Portage County recycling attempts a comeback after resources dwindle

Dawn Collins fills in as the acting director at the Portage County Solid Waste Management District. The district has undergone several changes the last few years, but Collins plans to expand residential service.

Filling in as acting director at the Portage County Solid Waste Management District, Dawn Collins is hopeful to turn the business around. 


“I fully intend to flip this program,” she said. “We’re gonna focus more on providing residential services.”

Collins has been the deputy director since December 2017, but she is now managing the program while director Bill Steiner is on an “extended vacation,” she said.

The program began three decades ago but like 2020, it continues to change.

The solid waste district was established in 1989 to comply with Ohio’s Environmental Protection Agency law that says each county must provide recycling access to reduce landfill. 

Sitting at the edge of many Portage County residential curbs are bright-blue 95-gallon recycling containers. Recycling is the action of converting waste into reusable material. 

At a resident’s home – cardboard amazon boxes, plastic water bottles and aluminum soda cans fill to the container’s brim. The lid doesn’t close. Bi-weekly, a Portage County solid waste driver pulls up to the container and hauls the trash away. More than 800 tons of waste is hauled away every month. 

The items are then dropped off at the district’s processing center and sorted before travelling to Waste Management, Akron’s Transfer Station. Portage County doesn’t have its own landfill so waste is delivered to its neighboring county, Summit County. Two weeks later, the process starts all over again.

The program offers two residential services: drop-off locations and curbside pickup. 

Drop-offs are free to local residents, but the towns pay an annual fee of $600. Curbside works differently. If residents opt for the service, they pay a small monthly fee. Currently, each town has a different pay rate. 

In fact, Streestboro pays $3.75 per household per month and Hiram pays $3.98. Collins said the average curbside cost in the U.S. is $7 per household per month, and the district is working on a standardized agreement for bi-weekly services of $5.50 a month throughout the county.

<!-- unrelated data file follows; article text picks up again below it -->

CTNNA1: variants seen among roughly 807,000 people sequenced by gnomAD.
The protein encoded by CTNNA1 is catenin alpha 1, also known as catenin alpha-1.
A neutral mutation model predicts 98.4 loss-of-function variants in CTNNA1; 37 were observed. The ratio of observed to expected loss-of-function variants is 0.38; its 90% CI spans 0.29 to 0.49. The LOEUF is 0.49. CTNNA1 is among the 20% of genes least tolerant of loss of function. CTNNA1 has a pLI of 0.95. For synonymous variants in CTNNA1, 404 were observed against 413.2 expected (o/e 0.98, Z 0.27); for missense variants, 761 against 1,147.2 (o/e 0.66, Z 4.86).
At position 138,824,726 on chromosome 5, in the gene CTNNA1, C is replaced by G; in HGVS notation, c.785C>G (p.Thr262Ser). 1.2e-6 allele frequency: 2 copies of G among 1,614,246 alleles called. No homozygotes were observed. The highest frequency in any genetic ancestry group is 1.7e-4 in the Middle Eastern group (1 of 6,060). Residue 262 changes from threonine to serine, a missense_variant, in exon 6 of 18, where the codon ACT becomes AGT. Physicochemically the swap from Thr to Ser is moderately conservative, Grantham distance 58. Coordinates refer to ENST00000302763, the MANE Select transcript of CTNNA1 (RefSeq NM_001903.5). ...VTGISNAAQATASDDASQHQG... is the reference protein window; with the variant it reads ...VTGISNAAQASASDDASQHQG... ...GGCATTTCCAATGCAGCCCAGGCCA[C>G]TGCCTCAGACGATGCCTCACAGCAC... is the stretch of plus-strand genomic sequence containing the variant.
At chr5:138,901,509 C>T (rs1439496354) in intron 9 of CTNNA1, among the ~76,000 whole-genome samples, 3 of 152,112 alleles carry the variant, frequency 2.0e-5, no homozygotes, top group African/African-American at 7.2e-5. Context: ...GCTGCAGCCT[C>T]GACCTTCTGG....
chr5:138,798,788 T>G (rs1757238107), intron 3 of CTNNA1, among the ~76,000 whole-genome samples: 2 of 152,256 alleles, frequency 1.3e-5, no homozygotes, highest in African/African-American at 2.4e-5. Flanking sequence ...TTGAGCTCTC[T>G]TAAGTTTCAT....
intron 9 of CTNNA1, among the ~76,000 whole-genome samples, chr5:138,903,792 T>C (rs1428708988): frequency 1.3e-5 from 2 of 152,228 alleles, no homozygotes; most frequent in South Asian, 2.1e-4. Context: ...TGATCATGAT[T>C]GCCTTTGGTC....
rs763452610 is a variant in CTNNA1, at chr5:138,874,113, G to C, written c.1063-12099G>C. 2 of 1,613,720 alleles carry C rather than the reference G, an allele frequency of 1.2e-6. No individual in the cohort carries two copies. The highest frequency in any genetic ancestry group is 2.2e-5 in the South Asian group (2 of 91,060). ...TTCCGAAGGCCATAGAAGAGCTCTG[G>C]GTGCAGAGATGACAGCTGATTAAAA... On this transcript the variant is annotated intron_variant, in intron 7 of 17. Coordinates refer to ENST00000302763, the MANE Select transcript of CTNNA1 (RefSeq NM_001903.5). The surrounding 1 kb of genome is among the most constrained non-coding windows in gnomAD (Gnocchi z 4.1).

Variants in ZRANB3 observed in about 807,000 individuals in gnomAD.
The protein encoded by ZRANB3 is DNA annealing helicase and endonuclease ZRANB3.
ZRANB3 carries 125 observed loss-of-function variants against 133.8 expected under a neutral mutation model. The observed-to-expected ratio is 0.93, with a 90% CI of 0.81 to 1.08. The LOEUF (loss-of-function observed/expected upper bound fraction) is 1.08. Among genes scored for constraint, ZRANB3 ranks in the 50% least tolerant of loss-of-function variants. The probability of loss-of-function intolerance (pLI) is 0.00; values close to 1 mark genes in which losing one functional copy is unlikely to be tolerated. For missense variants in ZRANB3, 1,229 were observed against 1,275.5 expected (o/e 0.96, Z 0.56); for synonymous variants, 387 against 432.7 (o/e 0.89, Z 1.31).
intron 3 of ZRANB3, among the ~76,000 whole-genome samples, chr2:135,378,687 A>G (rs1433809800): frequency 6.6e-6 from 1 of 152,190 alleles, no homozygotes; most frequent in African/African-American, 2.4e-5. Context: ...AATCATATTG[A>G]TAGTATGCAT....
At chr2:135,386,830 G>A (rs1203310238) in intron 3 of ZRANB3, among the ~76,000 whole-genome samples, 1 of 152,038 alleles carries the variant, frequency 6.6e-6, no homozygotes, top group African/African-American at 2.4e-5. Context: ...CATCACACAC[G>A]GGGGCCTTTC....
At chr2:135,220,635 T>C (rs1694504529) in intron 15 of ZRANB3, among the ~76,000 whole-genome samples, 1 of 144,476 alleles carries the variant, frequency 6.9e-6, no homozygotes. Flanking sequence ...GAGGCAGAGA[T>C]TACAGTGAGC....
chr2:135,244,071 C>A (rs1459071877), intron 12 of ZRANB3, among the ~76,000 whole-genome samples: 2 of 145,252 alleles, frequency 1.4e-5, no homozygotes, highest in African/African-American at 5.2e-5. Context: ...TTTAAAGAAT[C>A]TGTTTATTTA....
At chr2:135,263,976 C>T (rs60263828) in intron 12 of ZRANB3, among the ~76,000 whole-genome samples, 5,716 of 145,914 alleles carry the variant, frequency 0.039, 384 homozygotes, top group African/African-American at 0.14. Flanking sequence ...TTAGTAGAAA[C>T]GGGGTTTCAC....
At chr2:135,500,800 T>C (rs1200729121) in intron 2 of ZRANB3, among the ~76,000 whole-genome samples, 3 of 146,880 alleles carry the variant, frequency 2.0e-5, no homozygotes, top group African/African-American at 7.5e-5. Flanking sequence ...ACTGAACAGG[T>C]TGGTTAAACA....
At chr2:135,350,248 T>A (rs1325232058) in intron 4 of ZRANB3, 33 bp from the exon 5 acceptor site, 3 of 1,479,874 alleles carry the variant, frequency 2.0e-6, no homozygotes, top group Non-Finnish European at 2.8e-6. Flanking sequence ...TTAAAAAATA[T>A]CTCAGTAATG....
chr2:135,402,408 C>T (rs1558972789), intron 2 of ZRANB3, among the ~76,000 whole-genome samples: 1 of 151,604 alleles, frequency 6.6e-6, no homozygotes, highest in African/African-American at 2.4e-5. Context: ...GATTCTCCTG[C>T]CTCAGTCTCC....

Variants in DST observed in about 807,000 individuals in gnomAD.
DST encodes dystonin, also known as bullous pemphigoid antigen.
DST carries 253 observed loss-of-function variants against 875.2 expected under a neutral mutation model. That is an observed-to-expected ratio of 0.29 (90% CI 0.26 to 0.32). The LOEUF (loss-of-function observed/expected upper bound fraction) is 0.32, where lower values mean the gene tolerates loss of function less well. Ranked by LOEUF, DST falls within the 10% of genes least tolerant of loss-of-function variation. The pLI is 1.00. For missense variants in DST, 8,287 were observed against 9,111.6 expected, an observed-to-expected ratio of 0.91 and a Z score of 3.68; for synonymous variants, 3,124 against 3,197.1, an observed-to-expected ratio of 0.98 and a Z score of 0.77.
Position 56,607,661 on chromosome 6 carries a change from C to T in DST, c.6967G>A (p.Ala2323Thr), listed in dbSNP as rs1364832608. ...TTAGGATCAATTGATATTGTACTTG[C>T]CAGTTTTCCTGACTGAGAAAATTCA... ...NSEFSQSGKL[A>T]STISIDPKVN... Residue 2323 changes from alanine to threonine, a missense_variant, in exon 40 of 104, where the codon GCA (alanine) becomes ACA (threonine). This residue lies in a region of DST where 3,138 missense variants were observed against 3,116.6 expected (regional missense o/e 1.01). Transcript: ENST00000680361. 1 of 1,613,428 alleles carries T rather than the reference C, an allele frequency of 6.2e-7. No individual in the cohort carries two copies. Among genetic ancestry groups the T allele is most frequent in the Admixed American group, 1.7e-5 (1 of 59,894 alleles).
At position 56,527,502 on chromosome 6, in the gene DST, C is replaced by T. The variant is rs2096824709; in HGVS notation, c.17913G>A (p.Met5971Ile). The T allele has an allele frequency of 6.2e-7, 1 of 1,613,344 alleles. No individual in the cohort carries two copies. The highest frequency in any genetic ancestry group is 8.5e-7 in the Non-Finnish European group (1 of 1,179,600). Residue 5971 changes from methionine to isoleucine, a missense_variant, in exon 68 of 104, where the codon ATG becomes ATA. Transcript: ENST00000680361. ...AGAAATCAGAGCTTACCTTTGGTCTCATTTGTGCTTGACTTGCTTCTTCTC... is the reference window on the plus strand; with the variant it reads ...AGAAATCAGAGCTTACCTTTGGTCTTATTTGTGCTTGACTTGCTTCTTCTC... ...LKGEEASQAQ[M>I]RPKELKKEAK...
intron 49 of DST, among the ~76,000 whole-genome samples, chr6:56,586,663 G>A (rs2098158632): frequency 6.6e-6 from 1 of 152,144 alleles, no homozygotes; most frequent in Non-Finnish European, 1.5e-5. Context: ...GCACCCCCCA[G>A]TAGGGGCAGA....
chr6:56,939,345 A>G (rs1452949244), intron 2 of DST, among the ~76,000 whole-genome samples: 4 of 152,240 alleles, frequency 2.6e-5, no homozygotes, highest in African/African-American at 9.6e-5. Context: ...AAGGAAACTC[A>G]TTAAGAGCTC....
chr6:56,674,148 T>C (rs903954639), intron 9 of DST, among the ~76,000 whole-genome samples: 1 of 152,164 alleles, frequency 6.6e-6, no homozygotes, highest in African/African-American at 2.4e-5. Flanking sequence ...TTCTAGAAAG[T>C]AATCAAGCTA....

Portage County does its part to reduce landfill.

In 2016, the solid waste program changed its dual-stream process to single-stream recycling, which Collins said increases recycling by 30%. Separating paper products from other recycled items like plastic and metal is dual-stream recycling. Single-stream allows people to put all recyclables into one container. 

Most of Portage County has access to the recycling service, but contracts with commercial entities ended in April 2021 and free service accounts, which are non-profit organizations with 95-gallon cans or smaller, ended Dec. 31, 2020. Terminated services ensured that drivers could focus on residential areas. 

While businesses lost service, the district is terminating Streetsboro and Aurora’s residential services later this year. Towns such as Freedom Township discontinued its drop- off service because of illegal dumping and residents have yet to be offered curbside pickup through the solid waste district. Collins faces a host of obstacles, but she said she plans to help Freedom Township and expand domestic services to bring the program back.

The district’s solid waste plan says it needs to provide access to 90% of Portage County communities through dropoff stations or curb-side pickup. Currently, it offers 92% access to residents across the county with the exception of Deerfield, Freedom Township, Garrettsville, Windham Village and Windham Township. With the soon-to-be terminated contracts of Streetsboro and Aurora, Collins said the access will still remain at 92% because the residents will have service through a private hauler, such as Kimble.

Lack of access and terminated contracts are two different issues.